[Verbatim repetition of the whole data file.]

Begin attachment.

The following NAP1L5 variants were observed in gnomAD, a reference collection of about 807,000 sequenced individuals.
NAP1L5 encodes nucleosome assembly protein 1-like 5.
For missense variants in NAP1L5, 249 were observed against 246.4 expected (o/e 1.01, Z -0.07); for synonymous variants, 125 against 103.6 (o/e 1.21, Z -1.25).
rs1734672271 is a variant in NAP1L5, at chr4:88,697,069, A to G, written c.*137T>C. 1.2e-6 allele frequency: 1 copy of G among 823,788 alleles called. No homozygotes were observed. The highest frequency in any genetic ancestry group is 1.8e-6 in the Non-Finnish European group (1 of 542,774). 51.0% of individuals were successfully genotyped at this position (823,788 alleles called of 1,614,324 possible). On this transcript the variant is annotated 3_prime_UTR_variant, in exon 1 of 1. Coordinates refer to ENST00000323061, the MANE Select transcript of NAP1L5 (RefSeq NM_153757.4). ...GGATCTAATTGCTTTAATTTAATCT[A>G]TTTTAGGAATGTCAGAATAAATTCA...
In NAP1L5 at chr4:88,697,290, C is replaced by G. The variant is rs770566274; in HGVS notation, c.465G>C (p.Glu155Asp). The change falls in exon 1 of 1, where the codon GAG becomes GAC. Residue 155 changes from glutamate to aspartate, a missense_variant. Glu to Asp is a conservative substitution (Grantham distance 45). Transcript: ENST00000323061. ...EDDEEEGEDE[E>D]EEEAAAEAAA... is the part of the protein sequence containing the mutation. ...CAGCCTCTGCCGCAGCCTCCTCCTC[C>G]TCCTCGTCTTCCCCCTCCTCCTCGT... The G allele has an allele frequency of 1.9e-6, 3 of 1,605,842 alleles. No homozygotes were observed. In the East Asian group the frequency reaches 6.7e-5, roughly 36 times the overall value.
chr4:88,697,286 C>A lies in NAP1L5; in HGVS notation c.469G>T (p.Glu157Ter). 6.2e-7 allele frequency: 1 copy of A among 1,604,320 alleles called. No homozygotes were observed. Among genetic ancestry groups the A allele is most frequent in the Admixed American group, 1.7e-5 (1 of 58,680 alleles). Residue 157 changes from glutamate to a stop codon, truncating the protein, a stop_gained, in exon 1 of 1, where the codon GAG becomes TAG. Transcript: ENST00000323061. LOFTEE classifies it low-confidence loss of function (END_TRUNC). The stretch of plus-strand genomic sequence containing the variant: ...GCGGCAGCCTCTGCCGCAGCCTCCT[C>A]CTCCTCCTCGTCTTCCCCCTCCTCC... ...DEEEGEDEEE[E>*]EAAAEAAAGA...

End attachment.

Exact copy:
The following NAP1L5 variants were observed in gnomAD, a reference collection of about 807,000 sequenced individuals.
NAP1L5 encodes nucleosome assembly protein 1-like 5.
For missense variants in NAP1L5, 249 were observed against 246.4 expected (o/e 1.01, Z -0.07); for synonymous variants, 125 against 103.6 (o/e 1.21, Z -1.25).
rs1734672271 is a variant in NAP1L5, at chr4:88,697,069, A to G, written c.*137T>C. 1.2e-6 allele frequency: 1 copy of G among 823,788 alleles called. No homozygotes were observed. The highest frequency in any genetic ancestry group is 1.8e-6 in the Non-Finnish European group (1 of 542,774). 51.0% of individuals were successfully genotyped at this position (823,788 alleles called of 1,614,324 possible). On this transcript the variant is annotated 3_prime_UTR_variant, in exon 1 of 1. Coordinates refer to ENST00000323061, the MANE Select transcript of NAP1L5 (RefSeq NM_153757.4). ...GGATCTAATTGCTTTAATTTAATCT[A>G]TTTTAGGAATGTCAGAATAAATTCA...
In NAP1L5 at chr4:88,697,290, C is replaced by G. The variant is rs770566274; in HGVS notation, c.465G>C (p.Glu155Asp). The change falls in exon 1 of 1, where the codon GAG becomes GAC. Residue 155 changes from glutamate to aspartate, a missense_variant. Glu to Asp is a conservative substitution (Grantham distance 45). Transcript: ENST00000323061. ...EDDEEEGEDE[E>D]EEEAAAEAAA... is the part of the protein sequence containing the mutation. ...CAGCCTCTGCCGCAGCCTCCTCCTC[C>G]TCCTCGTCTTCCCCCTCCTCCTCGT... The G allele has an allele frequency of 1.9e-6, 3 of 1,605,842 alleles. No homozygotes were observed. In the East Asian group the frequency reaches 6.7e-5, roughly 36 times the overall value.
chr4:88,697,286 C>A lies in NAP1L5; in HGVS notation c.469G>T (p.Glu157Ter). 6.2e-7 allele frequency: 1 copy of A among 1,604,320 alleles called. No homozygotes were observed. Among genetic ancestry groups the A allele is most frequent in the Admixed American group, 1.7e-5 (1 of 58,680 alleles). Residue 157 changes from glutamate to a stop codon, truncating the protein, a stop_gained, in exon 1 of 1, where the codon GAG becomes TAG. Transcript: ENST00000323061. LOFTEE classifies it low-confidence loss of function (END_TRUNC). The stretch of plus-strand genomic sequence containing the variant: ...GCGGCAGCCTCTGCCGCAGCCTCCT[C>A]CTCCTCCTCGTCTTCCCCCTCCTCC... ...DEEEGEDEEE[E>*]EAAAEAAAGA...